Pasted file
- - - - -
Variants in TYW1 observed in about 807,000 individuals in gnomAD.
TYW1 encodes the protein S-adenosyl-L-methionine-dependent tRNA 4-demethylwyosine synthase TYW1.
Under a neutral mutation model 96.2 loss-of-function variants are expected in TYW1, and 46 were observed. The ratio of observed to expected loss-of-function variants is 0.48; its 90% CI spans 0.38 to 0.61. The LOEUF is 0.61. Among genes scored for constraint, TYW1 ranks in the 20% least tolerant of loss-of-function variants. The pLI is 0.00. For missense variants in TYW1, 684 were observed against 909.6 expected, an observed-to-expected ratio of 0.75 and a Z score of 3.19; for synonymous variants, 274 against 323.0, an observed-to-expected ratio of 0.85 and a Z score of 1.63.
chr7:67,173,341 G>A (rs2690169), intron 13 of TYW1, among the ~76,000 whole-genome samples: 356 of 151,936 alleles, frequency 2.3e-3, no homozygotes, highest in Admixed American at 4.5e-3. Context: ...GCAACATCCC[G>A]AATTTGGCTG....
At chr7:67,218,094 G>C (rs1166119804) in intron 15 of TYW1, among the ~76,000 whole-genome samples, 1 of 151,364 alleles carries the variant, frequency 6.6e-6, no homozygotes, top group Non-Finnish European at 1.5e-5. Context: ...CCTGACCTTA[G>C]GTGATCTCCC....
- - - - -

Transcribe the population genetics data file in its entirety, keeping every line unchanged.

Variants in TYW1 observed in about 807,000 individuals in gnomAD.
TYW1 encodes the protein S-adenosyl-L-methionine-dependent tRNA 4-demethylwyosine synthase TYW1.
Under a neutral mutation model 96.2 loss-of-function variants are expected in TYW1, and 46 were observed. The ratio of observed to expected loss-of-function variants is 0.48; its 90% CI spans 0.38 to 0.61. The LOEUF is 0.61. Among genes scored for constraint, TYW1 ranks in the 20% least tolerant of loss-of-function variants. The pLI is 0.00. For missense variants in TYW1, 684 were observed against 909.6 expected, an observed-to-expected ratio of 0.75 and a Z score of 3.19; for synonymous variants, 274 against 323.0, an observed-to-expected ratio of 0.85 and a Z score of 1.63.
chr7:67,173,341 G>A (rs2690169), intron 13 of TYW1, among the ~76,000 whole-genome samples: 356 of 151,936 alleles, frequency 2.3e-3, no homozygotes, highest in Admixed American at 4.5e-3. Context: ...GCAACATCCC[G>A]AATTTGGCTG....
At chr7:67,218,094 G>C (rs1166119804) in intron 15 of TYW1, among the ~76,000 whole-genome samples, 1 of 151,364 alleles carries the variant, frequency 6.6e-6, no homozygotes, top group Non-Finnish European at 1.5e-5. Context: ...CCTGACCTTA[G>C]GTGATCTCCC....